Facebook's rumored plans for an 'Instagram for Kids' app haven't been very well received so far – and they've just come under even more fire in a bombshell letter written by a group of 44 US attorneys general.
The Instagram for Kids app, which isn't yet official, could apparently allow children under the age of 13 to use the modified photo-sharing app. Currently, Instagram requires all users to be 13 or older to use the service.
But a letter signed by 44 US attorneys general has told Facebook CEO, Mark Zuckerberg, exactly why the kid-friendly version of Instagram shouldn't be introduced.
Their arguments against Instagram for Kids include Facebook's apparent "record of failing to protect the safety and privacy of children on its platform", research that "increasingly demonstrates that social media can be harmful to the physical, emotional, and mental well-being of children" and the alleged prevalence of cyberbullying on Instagram.
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What is Instagram for Kids?
Facebook hasn’t outlined any details of its Instagram for Kids app publicly, so we can’t say for certain what it’ll involve. Though leaked details give us an idea of what we might see.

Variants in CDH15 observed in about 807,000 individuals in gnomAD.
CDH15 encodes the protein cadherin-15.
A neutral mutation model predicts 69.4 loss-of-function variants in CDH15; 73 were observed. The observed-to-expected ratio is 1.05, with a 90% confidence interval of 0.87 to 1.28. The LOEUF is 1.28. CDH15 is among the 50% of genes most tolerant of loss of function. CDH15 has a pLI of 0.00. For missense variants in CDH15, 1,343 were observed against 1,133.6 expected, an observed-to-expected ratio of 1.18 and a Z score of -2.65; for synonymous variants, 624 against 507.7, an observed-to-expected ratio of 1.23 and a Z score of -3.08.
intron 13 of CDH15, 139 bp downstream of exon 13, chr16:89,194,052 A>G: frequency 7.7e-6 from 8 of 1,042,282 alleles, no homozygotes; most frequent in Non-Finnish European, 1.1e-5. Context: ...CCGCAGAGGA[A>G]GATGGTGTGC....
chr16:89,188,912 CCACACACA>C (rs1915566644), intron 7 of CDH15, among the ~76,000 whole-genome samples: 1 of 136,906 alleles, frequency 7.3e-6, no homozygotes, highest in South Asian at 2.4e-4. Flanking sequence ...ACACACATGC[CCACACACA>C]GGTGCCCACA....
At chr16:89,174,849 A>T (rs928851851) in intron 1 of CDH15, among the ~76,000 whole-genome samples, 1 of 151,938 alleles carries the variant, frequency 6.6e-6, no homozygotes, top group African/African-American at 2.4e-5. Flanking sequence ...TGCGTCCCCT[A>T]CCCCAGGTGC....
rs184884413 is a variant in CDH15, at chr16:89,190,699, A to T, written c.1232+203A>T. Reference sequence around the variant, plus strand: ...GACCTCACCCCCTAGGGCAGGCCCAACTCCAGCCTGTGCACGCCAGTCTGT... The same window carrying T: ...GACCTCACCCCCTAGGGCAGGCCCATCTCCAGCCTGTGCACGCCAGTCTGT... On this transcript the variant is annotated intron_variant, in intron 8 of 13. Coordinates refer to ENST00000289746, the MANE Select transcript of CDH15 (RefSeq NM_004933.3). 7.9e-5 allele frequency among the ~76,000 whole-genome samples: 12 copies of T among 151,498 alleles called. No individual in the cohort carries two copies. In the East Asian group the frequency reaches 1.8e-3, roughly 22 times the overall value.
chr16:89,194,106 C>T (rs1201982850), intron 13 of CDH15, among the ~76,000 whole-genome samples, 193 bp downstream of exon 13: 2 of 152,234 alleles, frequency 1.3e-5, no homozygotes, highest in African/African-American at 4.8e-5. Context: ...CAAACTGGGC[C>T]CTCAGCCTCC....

Rather than being a kid-only Instagram platform, it instead looks likely to be more like YouTube Kids. On that app, parents are given control over a child’s account and can filter the kind of content that they are allowed to watch – right down to specific channels and videos.
We imagine that on Instagram this could mean parents will control over who their children can follow, what they can post, who is allowed to follow them. But this is all just speculation until Facebook makes an official announcement on the service.
Analysis: Why does Facebook want to make an Instagram for Kids?
The evidence raised by the US attorneys general points to Instagram for Kids being a poor idea, so why is Facebook keen to launch the service? Facebook argues it is trying to make Instagram safer for children, by giving them a guarded way to use the platform so they don’t create an account using a fake birthday.
While this could be true, we imagine that growing its already huge user base is a core reason too. We hope that Facebook won’t introduce child-specific advertising on Instagram for Kids, but even if it doesn’t do that immediately, it could be playing the long game.
If Facebook can get people using Instagram earlier in life, they could remain rooted in that ecosystem even as they grow older – at which point Facebook would have a great understanding of what sponsored content that user will interact with.
The Instagram for Kids concept certainly hasn't been well-received so far, and it's possible that Facebook could instead change tack by clamping down on Instagram's safety for young people Proper age verification could be one step, and continued safety tools and support would also help. We’ll have to wait and see what decision Facebook takes next in all of this, but we hope it listens to the warnings.